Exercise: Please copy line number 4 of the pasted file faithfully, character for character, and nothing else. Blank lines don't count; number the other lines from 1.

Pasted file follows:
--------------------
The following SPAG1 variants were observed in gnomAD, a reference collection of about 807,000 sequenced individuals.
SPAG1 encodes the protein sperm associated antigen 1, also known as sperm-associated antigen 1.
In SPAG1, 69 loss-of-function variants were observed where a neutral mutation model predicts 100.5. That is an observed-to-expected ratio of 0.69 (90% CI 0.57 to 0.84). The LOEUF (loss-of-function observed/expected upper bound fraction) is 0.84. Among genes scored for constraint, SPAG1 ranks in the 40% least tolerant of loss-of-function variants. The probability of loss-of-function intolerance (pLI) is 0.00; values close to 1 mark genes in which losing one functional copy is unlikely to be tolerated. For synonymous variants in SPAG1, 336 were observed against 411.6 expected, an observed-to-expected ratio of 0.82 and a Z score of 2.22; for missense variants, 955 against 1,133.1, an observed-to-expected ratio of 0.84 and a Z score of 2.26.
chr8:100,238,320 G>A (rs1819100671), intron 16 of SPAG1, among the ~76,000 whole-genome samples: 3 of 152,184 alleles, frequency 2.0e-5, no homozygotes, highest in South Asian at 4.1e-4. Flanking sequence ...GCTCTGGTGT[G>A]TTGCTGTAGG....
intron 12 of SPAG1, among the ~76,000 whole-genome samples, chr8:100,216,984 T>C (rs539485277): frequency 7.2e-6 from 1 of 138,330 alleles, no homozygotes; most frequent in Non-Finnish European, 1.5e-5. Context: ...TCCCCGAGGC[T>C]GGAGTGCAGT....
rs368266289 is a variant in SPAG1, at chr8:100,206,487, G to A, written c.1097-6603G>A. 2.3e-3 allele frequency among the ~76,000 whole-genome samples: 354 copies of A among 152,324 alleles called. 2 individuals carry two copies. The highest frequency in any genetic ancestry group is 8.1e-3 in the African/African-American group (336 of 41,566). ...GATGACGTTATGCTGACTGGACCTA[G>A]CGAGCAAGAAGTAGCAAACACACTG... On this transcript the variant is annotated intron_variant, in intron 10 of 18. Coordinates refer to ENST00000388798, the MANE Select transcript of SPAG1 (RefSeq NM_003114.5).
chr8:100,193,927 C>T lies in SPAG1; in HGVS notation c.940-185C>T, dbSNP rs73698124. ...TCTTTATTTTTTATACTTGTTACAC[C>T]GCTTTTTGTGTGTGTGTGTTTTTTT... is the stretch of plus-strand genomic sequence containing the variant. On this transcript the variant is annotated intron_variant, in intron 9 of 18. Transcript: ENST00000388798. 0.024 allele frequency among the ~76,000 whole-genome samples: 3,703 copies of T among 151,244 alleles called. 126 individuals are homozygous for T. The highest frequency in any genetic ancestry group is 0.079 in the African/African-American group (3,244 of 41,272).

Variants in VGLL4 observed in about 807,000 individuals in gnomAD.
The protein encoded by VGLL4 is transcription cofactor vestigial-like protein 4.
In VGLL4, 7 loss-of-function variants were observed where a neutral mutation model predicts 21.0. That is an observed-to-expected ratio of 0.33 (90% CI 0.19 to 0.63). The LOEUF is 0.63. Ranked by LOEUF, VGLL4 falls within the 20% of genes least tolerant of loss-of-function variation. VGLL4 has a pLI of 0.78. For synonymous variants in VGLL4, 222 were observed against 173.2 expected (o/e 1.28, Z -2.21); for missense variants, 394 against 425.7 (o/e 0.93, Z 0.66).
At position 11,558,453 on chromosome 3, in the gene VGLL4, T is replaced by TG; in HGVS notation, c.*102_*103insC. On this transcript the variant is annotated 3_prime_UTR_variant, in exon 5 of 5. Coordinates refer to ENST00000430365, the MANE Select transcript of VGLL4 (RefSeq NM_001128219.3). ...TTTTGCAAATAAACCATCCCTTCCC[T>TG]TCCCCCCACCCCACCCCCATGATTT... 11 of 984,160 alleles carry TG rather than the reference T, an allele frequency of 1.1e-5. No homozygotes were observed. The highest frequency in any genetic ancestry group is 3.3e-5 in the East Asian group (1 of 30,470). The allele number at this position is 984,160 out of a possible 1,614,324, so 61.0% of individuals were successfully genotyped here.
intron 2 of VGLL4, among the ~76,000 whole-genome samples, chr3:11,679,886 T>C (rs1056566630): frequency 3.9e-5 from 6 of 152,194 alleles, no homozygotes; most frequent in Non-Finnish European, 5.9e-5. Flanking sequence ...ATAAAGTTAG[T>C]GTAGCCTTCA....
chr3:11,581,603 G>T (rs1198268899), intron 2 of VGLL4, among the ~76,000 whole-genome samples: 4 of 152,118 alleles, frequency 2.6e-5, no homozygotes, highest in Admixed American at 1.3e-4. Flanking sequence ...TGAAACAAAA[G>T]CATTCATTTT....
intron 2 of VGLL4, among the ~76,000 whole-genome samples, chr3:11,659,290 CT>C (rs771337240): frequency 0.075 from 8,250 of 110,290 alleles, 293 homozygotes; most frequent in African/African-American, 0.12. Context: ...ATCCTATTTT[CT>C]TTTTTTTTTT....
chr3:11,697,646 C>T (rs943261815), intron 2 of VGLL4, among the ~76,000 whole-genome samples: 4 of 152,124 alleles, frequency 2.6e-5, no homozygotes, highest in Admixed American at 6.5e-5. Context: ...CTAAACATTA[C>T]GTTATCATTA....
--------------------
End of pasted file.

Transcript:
chr8:100,238,320 G>A (rs1819100671), intron 16 of SPAG1, among the ~76,000 whole-genome samples: 3 of 152,184 alleles, frequency 2.0e-5, no homozygotes, highest in South Asian at 4.1e-4. Flanking sequence ...GCTCTGGTGT[G>A]TTGCTGTAGG....